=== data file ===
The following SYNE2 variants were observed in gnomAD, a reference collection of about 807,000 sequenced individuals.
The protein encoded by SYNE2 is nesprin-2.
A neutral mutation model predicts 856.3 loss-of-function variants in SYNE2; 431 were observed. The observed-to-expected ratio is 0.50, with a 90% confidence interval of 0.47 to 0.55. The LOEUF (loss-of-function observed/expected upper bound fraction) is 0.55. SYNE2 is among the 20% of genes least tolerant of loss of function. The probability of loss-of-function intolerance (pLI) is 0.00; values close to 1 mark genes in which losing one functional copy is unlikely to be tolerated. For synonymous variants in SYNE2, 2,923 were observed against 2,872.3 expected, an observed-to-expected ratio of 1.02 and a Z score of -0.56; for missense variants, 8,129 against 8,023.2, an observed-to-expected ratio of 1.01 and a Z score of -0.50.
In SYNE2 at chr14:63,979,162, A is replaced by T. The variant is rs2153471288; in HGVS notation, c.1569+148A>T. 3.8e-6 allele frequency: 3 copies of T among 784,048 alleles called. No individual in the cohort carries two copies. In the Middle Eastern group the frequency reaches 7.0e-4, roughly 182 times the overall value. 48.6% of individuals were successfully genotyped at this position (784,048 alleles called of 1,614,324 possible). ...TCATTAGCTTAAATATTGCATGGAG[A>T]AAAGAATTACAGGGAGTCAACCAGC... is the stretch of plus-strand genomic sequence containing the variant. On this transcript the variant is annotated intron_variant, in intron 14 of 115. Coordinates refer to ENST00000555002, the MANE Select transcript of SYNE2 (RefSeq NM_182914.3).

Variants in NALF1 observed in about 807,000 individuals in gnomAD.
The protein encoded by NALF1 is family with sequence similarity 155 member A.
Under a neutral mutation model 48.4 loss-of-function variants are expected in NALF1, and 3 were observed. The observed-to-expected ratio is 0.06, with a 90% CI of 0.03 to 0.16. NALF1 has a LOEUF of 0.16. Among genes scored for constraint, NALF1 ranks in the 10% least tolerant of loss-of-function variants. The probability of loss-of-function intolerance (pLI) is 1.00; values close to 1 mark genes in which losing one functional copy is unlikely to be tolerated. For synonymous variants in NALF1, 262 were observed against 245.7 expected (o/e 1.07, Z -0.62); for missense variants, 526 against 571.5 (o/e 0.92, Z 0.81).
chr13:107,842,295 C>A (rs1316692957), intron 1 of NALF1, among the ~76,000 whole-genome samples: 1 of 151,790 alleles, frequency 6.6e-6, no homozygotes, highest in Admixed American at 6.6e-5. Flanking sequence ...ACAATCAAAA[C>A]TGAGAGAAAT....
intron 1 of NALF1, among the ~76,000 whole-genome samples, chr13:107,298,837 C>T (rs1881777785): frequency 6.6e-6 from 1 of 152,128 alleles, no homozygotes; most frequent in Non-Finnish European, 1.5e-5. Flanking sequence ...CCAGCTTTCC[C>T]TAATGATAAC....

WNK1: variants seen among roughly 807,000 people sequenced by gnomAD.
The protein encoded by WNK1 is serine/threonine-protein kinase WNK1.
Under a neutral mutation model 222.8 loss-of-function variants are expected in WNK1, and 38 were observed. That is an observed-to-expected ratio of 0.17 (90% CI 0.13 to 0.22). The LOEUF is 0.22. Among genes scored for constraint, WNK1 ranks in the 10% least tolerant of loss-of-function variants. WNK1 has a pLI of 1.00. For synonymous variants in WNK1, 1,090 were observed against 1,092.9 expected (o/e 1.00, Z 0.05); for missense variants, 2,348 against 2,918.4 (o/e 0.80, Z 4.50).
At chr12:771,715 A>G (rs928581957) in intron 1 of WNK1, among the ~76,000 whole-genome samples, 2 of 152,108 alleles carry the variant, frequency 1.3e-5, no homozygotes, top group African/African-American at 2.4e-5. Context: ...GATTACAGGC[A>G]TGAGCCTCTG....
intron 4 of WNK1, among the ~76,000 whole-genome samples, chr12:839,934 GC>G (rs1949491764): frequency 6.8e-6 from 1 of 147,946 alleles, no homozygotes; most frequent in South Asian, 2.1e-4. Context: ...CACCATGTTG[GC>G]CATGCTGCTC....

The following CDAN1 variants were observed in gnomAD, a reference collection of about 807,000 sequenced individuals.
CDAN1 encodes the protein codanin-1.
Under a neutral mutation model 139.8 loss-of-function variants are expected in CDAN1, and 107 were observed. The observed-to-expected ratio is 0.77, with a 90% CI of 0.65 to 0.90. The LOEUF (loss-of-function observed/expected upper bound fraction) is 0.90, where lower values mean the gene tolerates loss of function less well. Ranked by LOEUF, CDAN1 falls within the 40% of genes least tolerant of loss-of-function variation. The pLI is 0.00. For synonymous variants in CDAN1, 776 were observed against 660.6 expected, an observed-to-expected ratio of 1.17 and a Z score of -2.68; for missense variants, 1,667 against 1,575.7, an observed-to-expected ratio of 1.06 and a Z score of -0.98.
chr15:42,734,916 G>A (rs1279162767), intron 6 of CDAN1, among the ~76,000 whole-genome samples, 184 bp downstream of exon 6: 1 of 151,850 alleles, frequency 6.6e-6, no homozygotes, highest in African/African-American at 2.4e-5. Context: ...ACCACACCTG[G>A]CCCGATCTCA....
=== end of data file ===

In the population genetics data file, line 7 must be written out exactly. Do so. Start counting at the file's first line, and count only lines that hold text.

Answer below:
Under a neutral mutation model 48.4 loss-of-function variants are expected in NALF1, and 3 were observed. The observed-to-expected ratio is 0.06, with a 90% CI of 0.03 to 0.16. NALF1 has a LOEUF of 0.16. Among genes scored for constraint, NALF1 ranks in the 10% least tolerant of loss-of-function variants. The probability of loss-of-function intolerance (pLI) is 1.00; values close to 1 mark genes in which losing one functional copy is unlikely to be tolerated. For synonymous variants in NALF1, 262 were observed against 245.7 expected (o/e 1.07, Z -0.62); for missense variants, 526 against 571.5 (o/e 0.92, Z 0.81).